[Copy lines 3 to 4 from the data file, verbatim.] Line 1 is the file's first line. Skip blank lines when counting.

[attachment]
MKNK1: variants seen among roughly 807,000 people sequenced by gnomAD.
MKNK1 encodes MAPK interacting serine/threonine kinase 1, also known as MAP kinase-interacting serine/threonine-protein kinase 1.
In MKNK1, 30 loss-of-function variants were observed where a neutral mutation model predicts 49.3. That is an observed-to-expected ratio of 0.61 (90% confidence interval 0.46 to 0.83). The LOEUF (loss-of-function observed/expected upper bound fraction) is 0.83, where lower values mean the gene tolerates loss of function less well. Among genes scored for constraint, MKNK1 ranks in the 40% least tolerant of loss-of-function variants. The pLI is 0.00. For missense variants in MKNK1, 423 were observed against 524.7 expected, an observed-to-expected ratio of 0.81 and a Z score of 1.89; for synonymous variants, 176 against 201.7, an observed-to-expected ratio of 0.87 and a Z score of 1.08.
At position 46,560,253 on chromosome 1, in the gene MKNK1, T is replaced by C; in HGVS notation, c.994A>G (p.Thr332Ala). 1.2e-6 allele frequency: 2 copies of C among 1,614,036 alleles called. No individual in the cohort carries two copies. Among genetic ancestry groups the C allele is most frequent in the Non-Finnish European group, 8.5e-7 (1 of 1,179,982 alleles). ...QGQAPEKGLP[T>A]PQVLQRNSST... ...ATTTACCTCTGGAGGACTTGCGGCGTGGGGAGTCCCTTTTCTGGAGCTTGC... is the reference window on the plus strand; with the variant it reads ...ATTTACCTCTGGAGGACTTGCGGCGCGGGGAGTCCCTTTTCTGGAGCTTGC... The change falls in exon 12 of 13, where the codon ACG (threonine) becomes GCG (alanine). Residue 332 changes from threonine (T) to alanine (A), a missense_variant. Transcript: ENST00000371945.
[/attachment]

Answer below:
In MKNK1, 30 loss-of-function variants were observed where a neutral mutation model predicts 49.3. That is an observed-to-expected ratio of 0.61 (90% confidence interval 0.46 to 0.83). The LOEUF (loss-of-function observed/expected upper bound fraction) is 0.83, where lower values mean the gene tolerates loss of function less well. Among genes scored for constraint, MKNK1 ranks in the 40% least tolerant of loss-of-function variants. The pLI is 0.00. For missense variants in MKNK1, 423 were observed against 524.7 expected, an observed-to-expected ratio of 0.81 and a Z score of 1.89; for synonymous variants, 176 against 201.7, an observed-to-expected ratio of 0.87 and a Z score of 1.08.
At position 46,560,253 on chromosome 1, in the gene MKNK1, T is replaced by C; in HGVS notation, c.994A>G (p.Thr332Ala). 1.2e-6 allele frequency: 2 copies of C among 1,614,036 alleles called. No individual in the cohort carries two copies. Among genetic ancestry groups the C allele is most frequent in the Non-Finnish European group, 8.5e-7 (1 of 1,179,982 alleles). ...QGQAPEKGLP[T>A]PQVLQRNSST... ...ATTTACCTCTGGAGGACTTGCGGCGTGGGGAGTCCCTTTTCTGGAGCTTGC... is the reference window on the plus strand; with the variant it reads ...ATTTACCTCTGGAGGACTTGCGGCGCGGGGAGTCCCTTTTCTGGAGCTTGC... The change falls in exon 12 of 13, where the codon ACG (threonine) becomes GCG (alanine). Residue 332 changes from threonine (T) to alanine (A), a missense_variant. Transcript: ENST00000371945.